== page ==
They are two and a half weeks old today and have more feathers than fluff now. Mrs. Dashwood one evening accidentally flapped her way to the top of the water feeder and had no idea how she had done it but was quite proud of herself nonetheless. When she jumped off and tried to get back up there she couldn’t manage it. The following evening she could do it at will. The next day while I was cleaning the brooder, Elinor flapped her way to the top edge of the box. She was too unbalanced though to get anywhere and I caught her and put back in the brooder. None of them has managed to do that again and Bookman and I have been extra careful to make sure they don’t try.
Friday evening we introduced them to lettuce. They loved it! The idea of each one being able to tear a piece off from the leaf in my hand was not something that entered their heads so each time one of them would tear off a piece the other three would chase her around the brooder to try and get it. The same thing happened on Saturday. It is hilarious to watch them.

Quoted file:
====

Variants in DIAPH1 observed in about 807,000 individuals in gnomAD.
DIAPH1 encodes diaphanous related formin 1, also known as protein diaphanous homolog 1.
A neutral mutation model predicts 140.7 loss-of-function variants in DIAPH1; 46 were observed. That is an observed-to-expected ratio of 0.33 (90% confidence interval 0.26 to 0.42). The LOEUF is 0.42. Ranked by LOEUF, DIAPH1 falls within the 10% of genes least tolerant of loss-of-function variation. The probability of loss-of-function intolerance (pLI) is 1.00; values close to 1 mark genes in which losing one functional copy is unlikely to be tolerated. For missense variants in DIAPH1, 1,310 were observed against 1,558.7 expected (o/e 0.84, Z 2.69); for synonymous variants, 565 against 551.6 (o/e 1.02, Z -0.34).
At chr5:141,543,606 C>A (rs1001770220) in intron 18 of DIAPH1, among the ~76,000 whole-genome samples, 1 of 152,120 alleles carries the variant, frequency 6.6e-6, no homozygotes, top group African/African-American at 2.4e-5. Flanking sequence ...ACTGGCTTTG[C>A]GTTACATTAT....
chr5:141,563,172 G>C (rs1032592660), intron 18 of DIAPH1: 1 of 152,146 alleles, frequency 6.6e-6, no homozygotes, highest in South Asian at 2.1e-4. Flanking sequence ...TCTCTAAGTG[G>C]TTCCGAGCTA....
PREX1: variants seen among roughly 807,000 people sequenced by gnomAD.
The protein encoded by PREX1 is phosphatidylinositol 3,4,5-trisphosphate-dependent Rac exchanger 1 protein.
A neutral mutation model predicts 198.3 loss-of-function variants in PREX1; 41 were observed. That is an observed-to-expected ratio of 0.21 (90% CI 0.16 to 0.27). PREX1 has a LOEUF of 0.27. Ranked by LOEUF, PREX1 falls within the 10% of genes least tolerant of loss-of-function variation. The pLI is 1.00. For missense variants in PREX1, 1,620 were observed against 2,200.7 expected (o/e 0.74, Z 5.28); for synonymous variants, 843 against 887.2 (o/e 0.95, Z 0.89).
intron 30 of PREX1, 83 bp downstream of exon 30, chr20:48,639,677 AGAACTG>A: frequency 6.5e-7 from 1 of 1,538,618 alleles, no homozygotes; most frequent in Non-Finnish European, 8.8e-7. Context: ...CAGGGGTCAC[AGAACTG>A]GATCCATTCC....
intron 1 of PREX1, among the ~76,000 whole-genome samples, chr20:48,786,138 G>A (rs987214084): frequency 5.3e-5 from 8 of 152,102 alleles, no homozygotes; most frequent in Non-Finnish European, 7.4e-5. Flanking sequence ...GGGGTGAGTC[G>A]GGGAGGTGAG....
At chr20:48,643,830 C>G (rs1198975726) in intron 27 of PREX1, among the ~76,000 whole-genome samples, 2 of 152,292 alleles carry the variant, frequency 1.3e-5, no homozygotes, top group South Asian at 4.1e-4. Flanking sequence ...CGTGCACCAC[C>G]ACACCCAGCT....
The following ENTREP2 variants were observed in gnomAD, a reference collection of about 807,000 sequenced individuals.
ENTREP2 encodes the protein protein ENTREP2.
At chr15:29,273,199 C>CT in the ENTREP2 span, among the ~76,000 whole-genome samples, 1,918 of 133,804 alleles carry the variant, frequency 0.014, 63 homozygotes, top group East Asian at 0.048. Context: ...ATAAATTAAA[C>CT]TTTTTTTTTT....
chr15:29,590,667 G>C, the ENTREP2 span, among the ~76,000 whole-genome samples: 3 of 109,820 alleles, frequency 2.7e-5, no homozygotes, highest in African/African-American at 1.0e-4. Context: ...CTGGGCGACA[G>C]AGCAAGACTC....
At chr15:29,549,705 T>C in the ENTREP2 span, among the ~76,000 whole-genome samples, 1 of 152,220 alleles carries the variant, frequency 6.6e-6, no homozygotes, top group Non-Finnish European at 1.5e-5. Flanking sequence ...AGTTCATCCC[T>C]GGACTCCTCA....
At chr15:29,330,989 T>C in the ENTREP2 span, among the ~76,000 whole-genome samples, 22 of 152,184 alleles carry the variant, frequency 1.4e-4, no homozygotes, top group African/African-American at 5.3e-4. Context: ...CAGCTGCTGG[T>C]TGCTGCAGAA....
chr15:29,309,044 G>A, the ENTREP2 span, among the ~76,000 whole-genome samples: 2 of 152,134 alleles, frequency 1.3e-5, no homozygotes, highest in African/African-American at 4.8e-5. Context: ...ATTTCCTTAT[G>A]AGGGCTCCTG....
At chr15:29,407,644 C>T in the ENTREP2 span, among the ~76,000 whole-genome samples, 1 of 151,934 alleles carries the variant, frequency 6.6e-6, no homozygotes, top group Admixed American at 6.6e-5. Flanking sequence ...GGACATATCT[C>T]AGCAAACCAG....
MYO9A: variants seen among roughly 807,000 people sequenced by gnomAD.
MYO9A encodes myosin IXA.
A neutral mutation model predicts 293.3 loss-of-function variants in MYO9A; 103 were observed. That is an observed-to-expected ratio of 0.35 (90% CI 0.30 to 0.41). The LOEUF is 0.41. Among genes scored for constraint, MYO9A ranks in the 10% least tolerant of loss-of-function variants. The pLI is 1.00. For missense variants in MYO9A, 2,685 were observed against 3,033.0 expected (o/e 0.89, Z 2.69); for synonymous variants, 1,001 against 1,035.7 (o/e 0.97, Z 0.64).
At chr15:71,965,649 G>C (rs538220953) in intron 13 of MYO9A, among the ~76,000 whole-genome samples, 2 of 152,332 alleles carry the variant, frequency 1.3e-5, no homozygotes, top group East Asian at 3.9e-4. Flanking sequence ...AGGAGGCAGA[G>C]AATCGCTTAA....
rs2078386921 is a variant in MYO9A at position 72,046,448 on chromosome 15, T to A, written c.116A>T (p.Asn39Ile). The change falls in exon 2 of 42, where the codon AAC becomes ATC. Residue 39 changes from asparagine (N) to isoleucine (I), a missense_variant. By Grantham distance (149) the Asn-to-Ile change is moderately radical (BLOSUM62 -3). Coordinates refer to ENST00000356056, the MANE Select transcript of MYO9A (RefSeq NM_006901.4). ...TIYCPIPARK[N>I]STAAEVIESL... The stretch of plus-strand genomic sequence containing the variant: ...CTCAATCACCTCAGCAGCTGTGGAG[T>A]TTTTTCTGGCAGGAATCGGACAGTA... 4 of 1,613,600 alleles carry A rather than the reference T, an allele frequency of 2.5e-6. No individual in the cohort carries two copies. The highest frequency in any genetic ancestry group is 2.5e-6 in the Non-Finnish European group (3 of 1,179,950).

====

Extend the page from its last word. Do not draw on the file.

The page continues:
Today I gave them a broccoli floret. It did not meet with the same excitement as the lettuce. They are a little scared of it and not sure what to do with it. You can see for yourself:
Mrs. Dashwood is the black one with the white flecks in her feathers. She is a barred rock. The other black one is Margaret. She is an australorp. The dark red/brown one is Elinor. She is a Rhode Island red. The light tan one is Marianne who doesn’t look so chipmunkish anymore. She is an ameracauna. They are so much fun and it is hard to not spend all my time watching them. It seems like every morning when I get up they have grown bigger overnight and gotten more feathers.